All functions support the methods documented below, inherited from sympy.core.function.Function.
Base class for applied mathematical functions.
It also serves as a constructor for undefined function classes.
First example shows how to use Function as a constructor for undefined function classes:
>>> from sympy import Function, Symbol >>> x = Symbol('x') >>> f = Function('f') >>> g = Function('g')(x) >>> f f >>> f(x) f(x) >>> g g(x) >>> f(x).diff(x) Derivative(f(x), x) >>> g.diff(x) Derivative(g(x), x)
In the following example Function is used as a base class for my_func that represents a mathematical function my_func. Suppose that it is well known, that my_func(0) is 1 and my_func at infinity goes to 0, so we want those two simplifications to occur automatically. Suppose also that my_func(x) is real exactly when x is real. Here is an implementation that honours those requirements:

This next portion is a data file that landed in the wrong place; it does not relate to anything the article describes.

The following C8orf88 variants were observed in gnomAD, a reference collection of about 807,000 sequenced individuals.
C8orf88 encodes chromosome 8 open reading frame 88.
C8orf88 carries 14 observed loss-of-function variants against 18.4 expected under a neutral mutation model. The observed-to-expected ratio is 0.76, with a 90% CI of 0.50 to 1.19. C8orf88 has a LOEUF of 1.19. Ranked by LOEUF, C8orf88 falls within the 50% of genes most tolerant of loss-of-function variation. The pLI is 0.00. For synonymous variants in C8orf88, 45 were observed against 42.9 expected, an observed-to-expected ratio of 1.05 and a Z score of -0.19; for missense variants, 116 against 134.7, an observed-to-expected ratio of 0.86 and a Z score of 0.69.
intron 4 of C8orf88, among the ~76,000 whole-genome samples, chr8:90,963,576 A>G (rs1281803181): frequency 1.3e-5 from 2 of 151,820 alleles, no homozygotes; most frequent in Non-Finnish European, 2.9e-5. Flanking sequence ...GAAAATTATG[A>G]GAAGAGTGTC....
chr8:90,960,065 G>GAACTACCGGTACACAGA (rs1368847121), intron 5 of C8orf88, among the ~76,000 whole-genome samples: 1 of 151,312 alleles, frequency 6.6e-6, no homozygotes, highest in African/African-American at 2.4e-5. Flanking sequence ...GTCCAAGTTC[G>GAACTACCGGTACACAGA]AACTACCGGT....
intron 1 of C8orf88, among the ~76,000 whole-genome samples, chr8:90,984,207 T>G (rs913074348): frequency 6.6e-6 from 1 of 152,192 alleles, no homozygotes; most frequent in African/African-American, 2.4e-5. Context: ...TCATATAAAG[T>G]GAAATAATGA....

>>> from sympy import Function, S, oo, I, sin >>> class my_func(Function): ... ... @classmethod ... def eval(cls, x): ... if x.is_Number: ... if x is S.Zero: ... return S.One ... elif x is S.Infinity: ... return S.Zero ... ... def _eval_is_real(self): ... return self.args.is_real ... >>> x = S('x') >>> my_func(0) + sin(0) 1 >>> my_func(oo) 0 >>> my_func(3.54).n() # Not yet implemented for my_func. my_func(3.54) >>> my_func(I).is_real False
In order for my_func to become useful, several other methods would need to be implemented. See source code of some of the already implemented functions for more complete examples.
Also, if the function can take more than one argument, then nargs must be defined, e.g. if my_func can take one or two arguments then,
>>> class my_func(Function): ... nargs = (1, 2) ... >>>